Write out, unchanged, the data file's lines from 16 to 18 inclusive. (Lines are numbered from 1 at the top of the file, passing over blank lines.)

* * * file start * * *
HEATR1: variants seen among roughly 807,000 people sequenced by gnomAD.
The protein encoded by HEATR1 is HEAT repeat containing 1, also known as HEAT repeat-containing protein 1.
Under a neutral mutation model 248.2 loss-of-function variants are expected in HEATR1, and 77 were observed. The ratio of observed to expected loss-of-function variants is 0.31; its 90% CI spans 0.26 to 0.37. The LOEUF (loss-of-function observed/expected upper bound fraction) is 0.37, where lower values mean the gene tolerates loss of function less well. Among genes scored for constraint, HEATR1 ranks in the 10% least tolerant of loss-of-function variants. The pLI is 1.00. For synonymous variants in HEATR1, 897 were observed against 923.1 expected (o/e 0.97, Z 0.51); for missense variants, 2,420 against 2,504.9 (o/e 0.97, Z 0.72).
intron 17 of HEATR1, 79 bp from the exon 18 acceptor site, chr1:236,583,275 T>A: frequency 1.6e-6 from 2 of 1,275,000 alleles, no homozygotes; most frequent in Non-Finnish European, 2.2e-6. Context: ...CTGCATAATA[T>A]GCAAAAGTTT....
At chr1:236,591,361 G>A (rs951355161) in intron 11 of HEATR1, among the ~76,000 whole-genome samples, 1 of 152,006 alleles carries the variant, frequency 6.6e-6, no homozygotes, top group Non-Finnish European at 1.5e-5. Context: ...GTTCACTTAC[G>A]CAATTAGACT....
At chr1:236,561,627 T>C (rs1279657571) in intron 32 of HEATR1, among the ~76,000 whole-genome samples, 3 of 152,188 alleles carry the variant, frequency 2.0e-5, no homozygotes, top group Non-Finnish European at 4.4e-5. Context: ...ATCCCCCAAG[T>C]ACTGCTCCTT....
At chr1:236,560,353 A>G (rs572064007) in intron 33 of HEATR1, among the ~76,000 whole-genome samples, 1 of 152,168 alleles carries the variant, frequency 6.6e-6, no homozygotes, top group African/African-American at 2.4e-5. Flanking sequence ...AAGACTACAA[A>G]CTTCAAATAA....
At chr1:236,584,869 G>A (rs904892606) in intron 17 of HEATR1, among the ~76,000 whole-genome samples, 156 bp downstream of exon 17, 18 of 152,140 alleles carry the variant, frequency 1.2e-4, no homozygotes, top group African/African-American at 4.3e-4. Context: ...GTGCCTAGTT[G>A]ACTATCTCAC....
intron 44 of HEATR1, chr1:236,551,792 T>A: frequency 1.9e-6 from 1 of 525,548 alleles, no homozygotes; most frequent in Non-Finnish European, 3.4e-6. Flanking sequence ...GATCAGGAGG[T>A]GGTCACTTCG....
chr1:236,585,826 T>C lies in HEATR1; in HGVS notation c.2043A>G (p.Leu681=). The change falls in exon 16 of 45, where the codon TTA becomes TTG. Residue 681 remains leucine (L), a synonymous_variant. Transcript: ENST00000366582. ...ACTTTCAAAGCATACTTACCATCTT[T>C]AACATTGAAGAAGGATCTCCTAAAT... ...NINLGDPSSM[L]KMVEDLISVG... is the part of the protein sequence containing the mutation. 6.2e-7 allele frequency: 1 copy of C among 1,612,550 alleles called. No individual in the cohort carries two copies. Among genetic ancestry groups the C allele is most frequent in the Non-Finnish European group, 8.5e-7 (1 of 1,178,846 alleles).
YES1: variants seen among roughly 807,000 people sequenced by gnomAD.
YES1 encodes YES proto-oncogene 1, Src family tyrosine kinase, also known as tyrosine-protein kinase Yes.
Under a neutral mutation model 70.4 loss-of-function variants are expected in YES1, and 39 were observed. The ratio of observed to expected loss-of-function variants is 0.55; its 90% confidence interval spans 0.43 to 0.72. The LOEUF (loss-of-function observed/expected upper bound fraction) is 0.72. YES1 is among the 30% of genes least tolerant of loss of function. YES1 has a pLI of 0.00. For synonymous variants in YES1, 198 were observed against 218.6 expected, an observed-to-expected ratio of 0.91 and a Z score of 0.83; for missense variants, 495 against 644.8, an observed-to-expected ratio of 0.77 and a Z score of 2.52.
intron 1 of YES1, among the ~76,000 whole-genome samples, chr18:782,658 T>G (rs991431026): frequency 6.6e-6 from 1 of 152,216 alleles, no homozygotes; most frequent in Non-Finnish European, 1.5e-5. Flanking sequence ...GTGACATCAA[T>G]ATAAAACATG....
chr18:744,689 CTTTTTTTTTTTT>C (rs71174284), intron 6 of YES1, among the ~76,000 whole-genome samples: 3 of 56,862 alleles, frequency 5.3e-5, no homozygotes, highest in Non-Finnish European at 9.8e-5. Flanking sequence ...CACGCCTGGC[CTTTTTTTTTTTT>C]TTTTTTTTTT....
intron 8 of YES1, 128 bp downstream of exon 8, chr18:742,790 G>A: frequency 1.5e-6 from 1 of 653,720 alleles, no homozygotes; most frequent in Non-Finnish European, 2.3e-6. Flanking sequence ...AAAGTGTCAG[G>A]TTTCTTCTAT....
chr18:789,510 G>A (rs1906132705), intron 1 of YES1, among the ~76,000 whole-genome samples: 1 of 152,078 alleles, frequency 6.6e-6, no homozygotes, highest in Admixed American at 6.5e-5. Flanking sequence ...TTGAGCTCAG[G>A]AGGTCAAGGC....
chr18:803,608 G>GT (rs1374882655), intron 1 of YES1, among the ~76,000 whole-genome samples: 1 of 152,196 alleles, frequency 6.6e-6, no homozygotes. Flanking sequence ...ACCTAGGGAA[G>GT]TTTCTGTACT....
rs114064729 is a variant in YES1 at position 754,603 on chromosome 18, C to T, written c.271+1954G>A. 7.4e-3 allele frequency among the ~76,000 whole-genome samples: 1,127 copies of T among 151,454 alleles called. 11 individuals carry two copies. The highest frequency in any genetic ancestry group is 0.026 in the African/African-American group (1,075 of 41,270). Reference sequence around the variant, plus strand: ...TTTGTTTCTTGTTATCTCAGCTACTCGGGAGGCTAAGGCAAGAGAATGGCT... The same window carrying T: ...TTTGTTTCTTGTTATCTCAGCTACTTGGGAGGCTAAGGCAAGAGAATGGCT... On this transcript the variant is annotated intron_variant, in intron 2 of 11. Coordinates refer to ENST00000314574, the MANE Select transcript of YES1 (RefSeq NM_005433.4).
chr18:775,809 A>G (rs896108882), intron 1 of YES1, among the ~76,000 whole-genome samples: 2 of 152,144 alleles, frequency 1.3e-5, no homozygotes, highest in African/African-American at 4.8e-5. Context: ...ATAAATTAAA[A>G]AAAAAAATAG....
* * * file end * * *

intron 8 of YES1, 128 bp downstream of exon 8, chr18:742,790 G>A: frequency 1.5e-6 from 1 of 653,720 alleles, no homozygotes; most frequent in Non-Finnish European, 2.3e-6. Flanking sequence ...AAAGTGTCAG[G>A]TTTCTTCTAT....
chr18:789,510 G>A (rs1906132705), intron 1 of YES1, among the ~76,000 whole-genome samples: 1 of 152,078 alleles, frequency 6.6e-6, no homozygotes, highest in Admixed American at 6.5e-5. Flanking sequence ...TTGAGCTCAG[G>A]AGGTCAAGGC....
chr18:803,608 G>GT (rs1374882655), intron 1 of YES1, among the ~76,000 whole-genome samples: 1 of 152,196 alleles, frequency 6.6e-6, no homozygotes. Flanking sequence ...ACCTAGGGAA[G>GT]TTTCTGTACT....